Dog bites are a frequent injury, but the incidence and type of lesions vary across countries. Although only few patients develop complications, the treatment of advanced injuries has a considerable medical, social and economic impact. A frequently isolated pathogen in dog bite wounds is Capnocytophaga canimorsus, a bacterium that can cause sepsis or meningitis. Hyperbaric oxygen (HBO₂) therapy has been shown to be useful in treating anaerobic infections, most likely because it creates an inhospitable environment for the bacterium and enhances the patient’s immune response. We present a case series of C. canimorsus infections treated with HBO₂ in adjunction to antibiotic therapy. Furthermore, we tested the in vitro activity of ceftaroline against C. canimorsus, alone and in association with hyperbaric oxygen therapy. We included nine (9) patients admitted to the surgery department of "A. Cardarelli" Hospital (Naples) after dog bite, from 2010 to 2016. All were initially treated with antibiotics and required transfer to the intensive care unit due to worsening conditions. C. canimorsus was isolated from wounds, and HBO₂ therapy was administered in adjunction to antibiotics, until clinical improvement and microbiological test negativity. We tested the activity of hyperbaric oxygen therapy in adjunction to ceftaroline on cultured plates with C. canimorsus versus ceftaroline alone. Minimal inhibitory concentration was evaluated. Our findings confirm the utility of HBO₂ therapy after biting injuries. Indeed, increased oxygen supply to the wound (as well as in vitro) may be toxic for bacteria, can improve healing and may improve the effectiveness of antibiotics.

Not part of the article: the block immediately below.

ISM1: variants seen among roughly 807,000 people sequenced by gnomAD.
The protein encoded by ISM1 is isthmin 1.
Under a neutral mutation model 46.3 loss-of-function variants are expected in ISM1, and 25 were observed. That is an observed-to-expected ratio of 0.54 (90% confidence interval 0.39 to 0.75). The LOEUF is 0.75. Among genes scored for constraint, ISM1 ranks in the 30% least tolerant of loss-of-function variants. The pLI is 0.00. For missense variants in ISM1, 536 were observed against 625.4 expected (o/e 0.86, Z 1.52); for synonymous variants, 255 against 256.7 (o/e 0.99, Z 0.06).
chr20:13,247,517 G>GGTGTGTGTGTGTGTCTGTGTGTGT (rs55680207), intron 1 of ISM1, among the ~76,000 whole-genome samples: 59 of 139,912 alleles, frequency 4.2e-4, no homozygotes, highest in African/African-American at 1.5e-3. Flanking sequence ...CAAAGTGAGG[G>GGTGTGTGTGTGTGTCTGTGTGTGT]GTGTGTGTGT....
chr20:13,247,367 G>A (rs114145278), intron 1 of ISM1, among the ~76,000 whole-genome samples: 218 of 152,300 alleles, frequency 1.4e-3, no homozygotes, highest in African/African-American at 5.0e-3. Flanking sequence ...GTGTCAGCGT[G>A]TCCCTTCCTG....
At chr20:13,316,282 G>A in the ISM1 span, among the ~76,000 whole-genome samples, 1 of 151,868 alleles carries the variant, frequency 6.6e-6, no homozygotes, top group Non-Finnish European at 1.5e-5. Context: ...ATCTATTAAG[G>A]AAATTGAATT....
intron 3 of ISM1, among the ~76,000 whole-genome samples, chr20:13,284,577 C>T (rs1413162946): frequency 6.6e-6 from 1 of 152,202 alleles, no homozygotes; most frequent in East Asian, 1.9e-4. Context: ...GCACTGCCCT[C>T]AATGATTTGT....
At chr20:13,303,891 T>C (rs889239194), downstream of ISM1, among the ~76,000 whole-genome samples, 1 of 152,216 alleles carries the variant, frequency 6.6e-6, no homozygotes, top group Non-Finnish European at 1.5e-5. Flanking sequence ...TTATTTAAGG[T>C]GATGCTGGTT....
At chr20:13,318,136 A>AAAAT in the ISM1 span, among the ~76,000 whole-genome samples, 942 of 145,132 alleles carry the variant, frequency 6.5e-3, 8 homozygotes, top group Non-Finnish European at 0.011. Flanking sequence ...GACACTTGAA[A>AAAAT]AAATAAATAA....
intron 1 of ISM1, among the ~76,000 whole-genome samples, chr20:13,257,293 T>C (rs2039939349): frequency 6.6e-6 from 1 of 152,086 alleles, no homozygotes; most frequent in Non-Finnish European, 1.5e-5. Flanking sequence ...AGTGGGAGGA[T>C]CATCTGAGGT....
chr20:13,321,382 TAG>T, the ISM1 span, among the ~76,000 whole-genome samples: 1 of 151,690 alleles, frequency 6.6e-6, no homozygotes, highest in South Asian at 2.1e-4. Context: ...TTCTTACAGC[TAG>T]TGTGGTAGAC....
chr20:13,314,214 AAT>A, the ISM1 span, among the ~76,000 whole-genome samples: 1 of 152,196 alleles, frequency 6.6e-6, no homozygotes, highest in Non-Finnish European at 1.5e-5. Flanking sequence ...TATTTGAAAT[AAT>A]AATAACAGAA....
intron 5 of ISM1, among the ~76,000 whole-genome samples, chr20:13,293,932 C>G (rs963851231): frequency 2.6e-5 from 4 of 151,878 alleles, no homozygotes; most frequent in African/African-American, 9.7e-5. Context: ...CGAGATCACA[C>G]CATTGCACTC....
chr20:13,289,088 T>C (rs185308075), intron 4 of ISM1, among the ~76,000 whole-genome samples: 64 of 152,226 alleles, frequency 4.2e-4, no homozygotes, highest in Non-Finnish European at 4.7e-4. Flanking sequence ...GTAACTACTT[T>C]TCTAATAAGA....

Marmo, Villani, Di Minno, Noschese, Paganini, Quartesan, Rizzato, Bosco, (). Cave canem: HBO₂ therapy efficacy on Capnocytophaga canimorsus infections: a case series. Undersea & hyperbaric medicine : journal of the Undersea and Hyperbaric Medical Society, Inc, ;44(2):179-186. https://www.ncbi.nlm.nih.gov/pubmed/28777909